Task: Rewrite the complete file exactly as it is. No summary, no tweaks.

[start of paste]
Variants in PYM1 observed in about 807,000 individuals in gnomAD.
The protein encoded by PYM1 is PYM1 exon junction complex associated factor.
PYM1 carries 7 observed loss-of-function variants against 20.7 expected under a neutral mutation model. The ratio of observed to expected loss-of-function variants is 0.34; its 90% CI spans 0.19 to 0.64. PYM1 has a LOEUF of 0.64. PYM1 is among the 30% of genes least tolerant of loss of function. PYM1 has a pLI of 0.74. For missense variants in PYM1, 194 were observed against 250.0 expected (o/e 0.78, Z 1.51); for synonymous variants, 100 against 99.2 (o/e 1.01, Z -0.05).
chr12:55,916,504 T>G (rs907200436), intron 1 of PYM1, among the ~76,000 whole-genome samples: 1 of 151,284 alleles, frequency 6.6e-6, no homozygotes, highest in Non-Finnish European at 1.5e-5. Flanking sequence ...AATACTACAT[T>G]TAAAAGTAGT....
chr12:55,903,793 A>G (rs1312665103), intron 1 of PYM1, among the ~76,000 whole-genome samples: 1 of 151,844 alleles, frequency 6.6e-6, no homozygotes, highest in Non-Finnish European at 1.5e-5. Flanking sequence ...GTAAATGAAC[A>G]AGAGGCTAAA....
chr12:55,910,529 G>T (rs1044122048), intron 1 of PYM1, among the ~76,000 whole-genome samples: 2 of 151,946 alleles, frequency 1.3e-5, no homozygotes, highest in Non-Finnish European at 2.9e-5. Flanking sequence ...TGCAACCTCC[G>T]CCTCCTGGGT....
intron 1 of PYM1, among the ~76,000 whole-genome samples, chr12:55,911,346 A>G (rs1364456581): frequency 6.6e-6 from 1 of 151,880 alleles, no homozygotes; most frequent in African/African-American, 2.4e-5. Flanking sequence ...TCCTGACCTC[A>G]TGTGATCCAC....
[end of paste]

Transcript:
Variants in PYM1 observed in about 807,000 individuals in gnomAD.
The protein encoded by PYM1 is PYM1 exon junction complex associated factor.
PYM1 carries 7 observed loss-of-function variants against 20.7 expected under a neutral mutation model. The ratio of observed to expected loss-of-function variants is 0.34; its 90% CI spans 0.19 to 0.64. PYM1 has a LOEUF of 0.64. PYM1 is among the 30% of genes least tolerant of loss of function. PYM1 has a pLI of 0.74. For missense variants in PYM1, 194 were observed against 250.0 expected (o/e 0.78, Z 1.51); for synonymous variants, 100 against 99.2 (o/e 1.01, Z -0.05).
chr12:55,916,504 T>G (rs907200436), intron 1 of PYM1, among the ~76,000 whole-genome samples: 1 of 151,284 alleles, frequency 6.6e-6, no homozygotes, highest in Non-Finnish European at 1.5e-5. Flanking sequence ...AATACTACAT[T>G]TAAAAGTAGT....
chr12:55,903,793 A>G (rs1312665103), intron 1 of PYM1, among the ~76,000 whole-genome samples: 1 of 151,844 alleles, frequency 6.6e-6, no homozygotes, highest in Non-Finnish European at 1.5e-5. Flanking sequence ...GTAAATGAAC[A>G]AGAGGCTAAA....
chr12:55,910,529 G>T (rs1044122048), intron 1 of PYM1, among the ~76,000 whole-genome samples: 2 of 151,946 alleles, frequency 1.3e-5, no homozygotes, highest in Non-Finnish European at 2.9e-5. Flanking sequence ...TGCAACCTCC[G>T]CCTCCTGGGT....
intron 1 of PYM1, among the ~76,000 whole-genome samples, chr12:55,911,346 A>G (rs1364456581): frequency 6.6e-6 from 1 of 151,880 alleles, no homozygotes; most frequent in African/African-American, 2.4e-5. Flanking sequence ...TCCTGACCTC[A>G]TGTGATCCAC....